Do MPs take SEN seriously?


    Recent reforms mask an apparent apathy towards SEN in Parliament

    When Parliament passed the new SEN and disability reforms as part of the Children and Families Act early this year, they were hailed as “the most fundamental reform to the system for SEN and disability for 30 years” and a “landmark moment” by Children’s Minister Edward Timpson.

    And yet since then, there has been very little help, support or explanation on the new changes from the Government. Coupled with the attendance figures at recent Parliamentary debates on the new SEN reforms, this paints a different picture about MPs concerns of special needs education in this country.

    In a debate on the new policy on the 16 July, there was minimal turnout from both sides of the House, with footage showing those few who were in attendance looking entirely disinterested, texting on their phones, and some even appearing to be asleep.

    The following day, a discussion on educational provisions for autism saw just 11 MPs in the chamber.

    When MPs are absent from the chambers, or look so disinterested and apathetic, it’s hard not to question whether they care about the plight of up to 20 per cent of our children who need extra help in schools. If this is such a fundamental reform, why aren’t more MPs showing they care and taking it seriously?

    We all understand that MPs have very busy schedules and lots of important priorities, but this doesn’t give a very good impression to the millions of parents who have children with some form of SEN, or to the teachers who help guide these children through school.

    Despite taking over four years to shepherd the final SEN legislation through, it now feels that parents and teachers have been somewhat abandoned by MPs, as the last minute rush to push legislation through has dispersed into relative silence on what the new policies mean in reality.

    From all the anecdotal evidence I’ve heard, there have been countless complaints by teaching unions, educational practitioners, local authorities and parents over a lack of information on the reforms and the mad dash to ensure requirements were in place by the start of the school year.

    The final approved reforms weren’t published until the week after schools broke up for the summer holidays, so many parents had no idea about what the new changes would be until they returned in September, by which time, everything should have already been in place.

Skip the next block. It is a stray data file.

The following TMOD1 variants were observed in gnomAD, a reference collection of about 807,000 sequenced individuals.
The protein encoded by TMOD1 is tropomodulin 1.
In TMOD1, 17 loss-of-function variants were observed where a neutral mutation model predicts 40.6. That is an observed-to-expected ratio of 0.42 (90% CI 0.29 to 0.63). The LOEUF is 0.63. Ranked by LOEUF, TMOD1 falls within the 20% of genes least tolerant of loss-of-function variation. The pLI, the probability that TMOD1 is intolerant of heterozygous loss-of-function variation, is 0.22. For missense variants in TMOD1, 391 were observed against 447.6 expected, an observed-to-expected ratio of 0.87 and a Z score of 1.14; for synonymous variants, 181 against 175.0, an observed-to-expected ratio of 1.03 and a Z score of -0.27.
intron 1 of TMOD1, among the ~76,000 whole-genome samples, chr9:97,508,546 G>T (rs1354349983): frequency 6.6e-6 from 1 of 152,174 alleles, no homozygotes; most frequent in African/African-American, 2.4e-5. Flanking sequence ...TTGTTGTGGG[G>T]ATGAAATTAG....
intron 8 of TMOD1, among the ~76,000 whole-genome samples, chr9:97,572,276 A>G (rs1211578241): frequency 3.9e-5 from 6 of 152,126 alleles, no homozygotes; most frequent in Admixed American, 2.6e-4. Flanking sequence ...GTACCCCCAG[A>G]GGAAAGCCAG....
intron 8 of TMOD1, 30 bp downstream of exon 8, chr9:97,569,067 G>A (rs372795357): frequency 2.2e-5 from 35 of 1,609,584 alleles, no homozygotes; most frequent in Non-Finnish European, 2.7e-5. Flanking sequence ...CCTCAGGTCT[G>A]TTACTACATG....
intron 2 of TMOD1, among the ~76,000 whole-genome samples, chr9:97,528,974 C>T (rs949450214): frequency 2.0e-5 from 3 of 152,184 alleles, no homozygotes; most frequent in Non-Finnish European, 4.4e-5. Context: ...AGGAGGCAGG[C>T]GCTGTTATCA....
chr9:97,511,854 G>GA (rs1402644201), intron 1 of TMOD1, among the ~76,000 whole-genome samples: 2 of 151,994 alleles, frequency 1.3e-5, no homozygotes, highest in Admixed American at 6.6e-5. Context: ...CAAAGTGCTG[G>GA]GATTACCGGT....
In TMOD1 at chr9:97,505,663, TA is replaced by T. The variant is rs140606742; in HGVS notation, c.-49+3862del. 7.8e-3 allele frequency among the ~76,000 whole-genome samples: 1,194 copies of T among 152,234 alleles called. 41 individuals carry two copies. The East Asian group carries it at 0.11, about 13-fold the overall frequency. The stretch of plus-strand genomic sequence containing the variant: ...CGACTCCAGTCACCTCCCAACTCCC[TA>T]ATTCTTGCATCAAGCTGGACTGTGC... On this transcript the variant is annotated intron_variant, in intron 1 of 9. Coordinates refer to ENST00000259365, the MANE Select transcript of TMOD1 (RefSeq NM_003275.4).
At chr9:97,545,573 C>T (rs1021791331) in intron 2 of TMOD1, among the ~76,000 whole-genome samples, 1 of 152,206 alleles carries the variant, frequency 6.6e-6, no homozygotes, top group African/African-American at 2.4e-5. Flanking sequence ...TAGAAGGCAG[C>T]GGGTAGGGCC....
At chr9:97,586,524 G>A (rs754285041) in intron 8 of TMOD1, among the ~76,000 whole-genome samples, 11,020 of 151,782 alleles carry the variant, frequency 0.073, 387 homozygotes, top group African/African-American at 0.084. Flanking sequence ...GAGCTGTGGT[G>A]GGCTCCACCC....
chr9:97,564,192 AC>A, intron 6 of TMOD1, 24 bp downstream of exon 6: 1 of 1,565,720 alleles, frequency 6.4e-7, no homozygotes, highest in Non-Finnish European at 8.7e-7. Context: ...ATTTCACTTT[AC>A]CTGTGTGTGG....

Teachers have been left scrambling to find out as much information as they can, amid reports that there simply aren’t enough qualified professionals to the meet the needs of the new reforms.

    Not only are there not enough trained educational psychologists, for example, but there’s also confusion over which institution should be responsible for delivering the new provisions. And while MPs remain disinterested in the subject, it’s the children with SEN who will suffer.

    Every child should have the right to a quality education, and whilst these new reforms may prove to be of huge benefit to them in the future, right now they are proving controversial and causing problems in their adoption.

    It appears that MPs rushed through this legislation at the end of July so they could wash their hands of it over the summer. This has meant there has not really been a grace period for the new reforms, and no gradual introduction of the changes, which has undoubtedly caused teething problems, at the very least.

    Parents are questioning the new status and provisions for their children, and teachers are still waiting for new guides to be written and published which will help explain all the changes and new procedures.

    Meanwhile, it seems that MPs have returned to business as usual.

    Further information

    Rachel Collinson is Marketing Manager at LDA, which supplies SEN resources for schools and homes:


    Rachel Collinson
    Author: Rachel Collinson

    Point of View 2 Marketing Manager at LDA

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    Point of View 2
    Marketing Manager at LDA


    1. I was distressed to the the lack of attendance and apparent apathy in The House when reform was debated in July. My son has autism and Mr Edward Timpson is my MP. I have found him to be responsive in the past when I have needed to contact him directly however, it is clear that our children and young adults are not receiving the input required. There is massive incompetence, lack of enthusiasm, funding and expertise in the area of special needs and it is a sad state of affairs for a nation who prides itself on helping those with additional need worldwide. Let’s put some REAL and EFFECTIVE money and professional expertise into the difficulties that face those with special needs and their families.


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